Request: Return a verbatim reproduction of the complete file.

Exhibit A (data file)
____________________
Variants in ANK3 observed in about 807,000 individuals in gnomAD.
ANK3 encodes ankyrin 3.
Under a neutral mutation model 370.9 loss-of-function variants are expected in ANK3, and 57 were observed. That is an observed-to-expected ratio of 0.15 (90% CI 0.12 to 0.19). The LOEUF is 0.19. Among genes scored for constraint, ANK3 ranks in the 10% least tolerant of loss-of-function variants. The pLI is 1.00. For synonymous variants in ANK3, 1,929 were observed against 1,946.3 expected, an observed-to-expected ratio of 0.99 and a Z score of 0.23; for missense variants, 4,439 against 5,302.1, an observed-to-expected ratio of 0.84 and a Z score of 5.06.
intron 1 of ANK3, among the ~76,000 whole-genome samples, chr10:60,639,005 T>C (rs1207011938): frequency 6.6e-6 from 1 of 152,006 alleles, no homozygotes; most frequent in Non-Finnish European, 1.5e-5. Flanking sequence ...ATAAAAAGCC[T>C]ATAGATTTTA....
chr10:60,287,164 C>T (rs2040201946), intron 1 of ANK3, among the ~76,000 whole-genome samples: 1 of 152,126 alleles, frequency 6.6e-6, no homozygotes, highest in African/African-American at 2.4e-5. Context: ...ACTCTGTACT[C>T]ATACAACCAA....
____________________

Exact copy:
Variants in ANK3 observed in about 807,000 individuals in gnomAD.
ANK3 encodes ankyrin 3.
Under a neutral mutation model 370.9 loss-of-function variants are expected in ANK3, and 57 were observed. That is an observed-to-expected ratio of 0.15 (90% CI 0.12 to 0.19). The LOEUF is 0.19. Among genes scored for constraint, ANK3 ranks in the 10% least tolerant of loss-of-function variants. The pLI is 1.00. For synonymous variants in ANK3, 1,929 were observed against 1,946.3 expected, an observed-to-expected ratio of 0.99 and a Z score of 0.23; for missense variants, 4,439 against 5,302.1, an observed-to-expected ratio of 0.84 and a Z score of 5.06.
intron 1 of ANK3, among the ~76,000 whole-genome samples, chr10:60,639,005 T>C (rs1207011938): frequency 6.6e-6 from 1 of 152,006 alleles, no homozygotes; most frequent in Non-Finnish European, 1.5e-5. Flanking sequence ...ATAAAAAGCC[T>C]ATAGATTTTA....
chr10:60,287,164 C>T (rs2040201946), intron 1 of ANK3, among the ~76,000 whole-genome samples: 1 of 152,126 alleles, frequency 6.6e-6, no homozygotes, highest in African/African-American at 2.4e-5. Context: ...ACTCTGTACT[C>T]ATACAACCAA....